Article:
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Finally; a new 1/72 Phantom


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Drooped Ailerons

 

A nice unexpected feature of the FM kit-- while starting to cut the ailerons to droop them, I found that FM had done most of the cutting!!    Easy to droop the ailerons as shown here near the bottom of the page.

 

y9S3CvPl.jpg 

 

Gene K

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9 hours ago, GeneK said:

Drooped Ailerons

 

A nice unexpected feature of the FM kit-- while starting to cut the ailerons to droop them, I found that FM had done most of the cutting!!    Easy to droop the ailerons as shown here near the bottom of the page.

 

y9S3CvPl.jpg 

 

Gene K

Awesome!   Good to know, thanks 👍🏻

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1 hour ago, GeneK said:

 

Nice, thanks. Could you determine what they used for the wash?

 

Gene K

 

Hi Gene,

 

Somewhere earlier when it was still just early test sprues showing first parts on FineMolds site, the google translater was giving "black ink" as used for wash.

Have no idea what it is exactly, sorry. But for a test, showing of plastic parts and the different panels and rivets it is perfect! 

Would I use it for an actual "colour painted" build, not sure.

 

 

P.s. Had one quick look at the photos & on one of them there a Tamiya Panel line bottle in the background, so could it be the one they used??? I dont know.

 

Best regards

Gabor

Edited by ya-gabor
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Looks like the work for today has finished at FineMolds and that new sprue for the Japanese version RF-4EJ is taking shape for all the little extras, like this ALQ-131 pod. Some nice laser engraved fine details there!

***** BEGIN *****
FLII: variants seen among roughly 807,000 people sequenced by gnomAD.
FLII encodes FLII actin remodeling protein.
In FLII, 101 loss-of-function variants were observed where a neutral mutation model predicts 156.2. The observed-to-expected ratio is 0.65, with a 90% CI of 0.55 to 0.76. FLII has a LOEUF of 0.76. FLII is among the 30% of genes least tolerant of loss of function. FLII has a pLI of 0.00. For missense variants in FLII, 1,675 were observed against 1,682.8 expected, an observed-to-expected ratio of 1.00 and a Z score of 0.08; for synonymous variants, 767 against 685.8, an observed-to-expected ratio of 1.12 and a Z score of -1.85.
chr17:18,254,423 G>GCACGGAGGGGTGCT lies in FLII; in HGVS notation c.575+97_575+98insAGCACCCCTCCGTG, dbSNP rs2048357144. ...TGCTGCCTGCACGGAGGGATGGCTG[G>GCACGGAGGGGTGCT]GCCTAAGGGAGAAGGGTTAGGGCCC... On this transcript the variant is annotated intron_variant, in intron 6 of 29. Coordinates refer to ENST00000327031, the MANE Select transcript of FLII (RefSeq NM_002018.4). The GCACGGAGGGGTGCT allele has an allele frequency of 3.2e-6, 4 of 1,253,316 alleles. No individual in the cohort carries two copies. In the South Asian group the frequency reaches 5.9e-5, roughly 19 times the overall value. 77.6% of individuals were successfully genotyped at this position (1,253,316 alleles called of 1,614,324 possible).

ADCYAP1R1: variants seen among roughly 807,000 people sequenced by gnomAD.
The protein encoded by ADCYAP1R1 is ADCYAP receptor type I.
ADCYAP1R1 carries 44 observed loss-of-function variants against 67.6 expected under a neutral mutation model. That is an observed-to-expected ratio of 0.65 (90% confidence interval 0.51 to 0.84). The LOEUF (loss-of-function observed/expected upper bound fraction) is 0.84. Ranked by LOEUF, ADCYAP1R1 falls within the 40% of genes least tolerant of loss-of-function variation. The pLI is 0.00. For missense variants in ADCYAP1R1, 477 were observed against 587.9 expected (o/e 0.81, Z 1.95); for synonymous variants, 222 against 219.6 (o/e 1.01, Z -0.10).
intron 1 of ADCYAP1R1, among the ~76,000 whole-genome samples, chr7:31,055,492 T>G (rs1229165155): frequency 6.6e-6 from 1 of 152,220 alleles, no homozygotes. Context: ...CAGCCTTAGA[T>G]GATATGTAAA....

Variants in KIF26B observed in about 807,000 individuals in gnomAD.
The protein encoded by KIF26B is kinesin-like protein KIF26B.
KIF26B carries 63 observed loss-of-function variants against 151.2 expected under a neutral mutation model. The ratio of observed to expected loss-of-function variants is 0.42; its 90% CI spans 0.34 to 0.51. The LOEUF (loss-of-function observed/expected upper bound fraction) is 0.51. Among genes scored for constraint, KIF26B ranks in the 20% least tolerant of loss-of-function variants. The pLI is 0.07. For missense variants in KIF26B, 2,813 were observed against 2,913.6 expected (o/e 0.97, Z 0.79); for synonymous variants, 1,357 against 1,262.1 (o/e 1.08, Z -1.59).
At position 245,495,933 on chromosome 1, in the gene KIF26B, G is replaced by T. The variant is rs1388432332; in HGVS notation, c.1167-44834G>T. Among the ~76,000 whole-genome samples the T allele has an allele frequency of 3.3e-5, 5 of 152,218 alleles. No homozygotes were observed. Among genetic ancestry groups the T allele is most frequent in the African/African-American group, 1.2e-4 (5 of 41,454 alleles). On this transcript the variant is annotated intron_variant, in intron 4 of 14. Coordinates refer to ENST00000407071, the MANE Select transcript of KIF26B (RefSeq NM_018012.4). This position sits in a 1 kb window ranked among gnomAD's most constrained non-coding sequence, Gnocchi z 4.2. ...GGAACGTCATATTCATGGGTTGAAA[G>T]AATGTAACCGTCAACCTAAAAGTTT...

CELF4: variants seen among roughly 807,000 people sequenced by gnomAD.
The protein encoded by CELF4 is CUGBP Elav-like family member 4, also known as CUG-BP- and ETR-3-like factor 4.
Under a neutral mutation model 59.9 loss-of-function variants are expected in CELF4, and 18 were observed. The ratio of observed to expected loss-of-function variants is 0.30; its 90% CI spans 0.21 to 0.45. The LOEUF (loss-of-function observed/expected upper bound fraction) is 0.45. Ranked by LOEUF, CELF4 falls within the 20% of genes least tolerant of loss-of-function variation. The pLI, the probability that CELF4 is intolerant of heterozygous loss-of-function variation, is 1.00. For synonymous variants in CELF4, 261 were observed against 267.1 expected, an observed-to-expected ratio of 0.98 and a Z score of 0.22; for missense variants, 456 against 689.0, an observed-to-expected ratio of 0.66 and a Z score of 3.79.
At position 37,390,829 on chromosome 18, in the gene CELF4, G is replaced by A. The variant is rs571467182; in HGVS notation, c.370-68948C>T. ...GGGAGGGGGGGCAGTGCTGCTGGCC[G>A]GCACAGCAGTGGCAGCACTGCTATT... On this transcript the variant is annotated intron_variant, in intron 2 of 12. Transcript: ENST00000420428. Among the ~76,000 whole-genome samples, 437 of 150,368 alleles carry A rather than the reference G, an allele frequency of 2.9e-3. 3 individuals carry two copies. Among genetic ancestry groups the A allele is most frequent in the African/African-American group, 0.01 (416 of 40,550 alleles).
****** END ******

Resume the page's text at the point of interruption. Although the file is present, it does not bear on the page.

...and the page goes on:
OYDv2Hg.jpg

 

Best regards

Gabor

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On 10/30/2020 at 2:42 PM, ya-gabor said:

 

 
fJIGgZ6.jpg
 
And the Blue version
 
oiwuPNs.jpg
 

 

Well, FWIW: both specially painted jets have embarked on a 'pharewell' tour of JASDF bases. They both showed up at Tsuiki (former F-4 base) yesterday and the yellow one landed at Naha (also former F-4 base) today.

 

I guess the end is very near for the JASDF Phantoms 😞 

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4 hours ago, ya-gabor said:

Here are those Nano formation light installed on the surface.

 

Interesting that the rudder insert on the Kai pictured appears to fit so well. That was not the case with my -EJ,  which required substantial sanding to fit flush.

 

Pollie said: [quote]I guess the end is very near for the JASDF Phantoms 😞 [/quote]

 

Thankfully we have superb videographers recording the Japanese Phantoms. Wish the technology was  around decades ago!

 

Gene K

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2 minutes ago, GeneK said:

 

.................... pictured appears to fit so well. That was not the case with my -EJ,  which required substantial sanding to fit flush.

 

Thank you for the heads up. In the picture you can see daylight through the front and rear part of the fin cap. Of course the rear part is the top of the rudder. Trying to restrain as much as possible from sanding and loosing all the beautiful detail.

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27 minutes ago, Craig Baldwin said:

Trying to restrain as much as possible from sanding and loosing all the beautiful detail.

 

The sanding is all on the inside of the insert, so NO detail is lost!:thumbsup2:

 

The gap you highlighted is not on the -EJ  --  it is a tight fit there. My Kai will not be arriving until December, so will be interesting to see if there is in fact a fit difference. At any rate - no biggie at all.

 

Gene K

 

Edited by GeneK
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The RF-4EJ tooling closes in on production with updates of the instrument panel. So nice FineMolds has paid attention to all these details. This helps even the casual modeller get things right.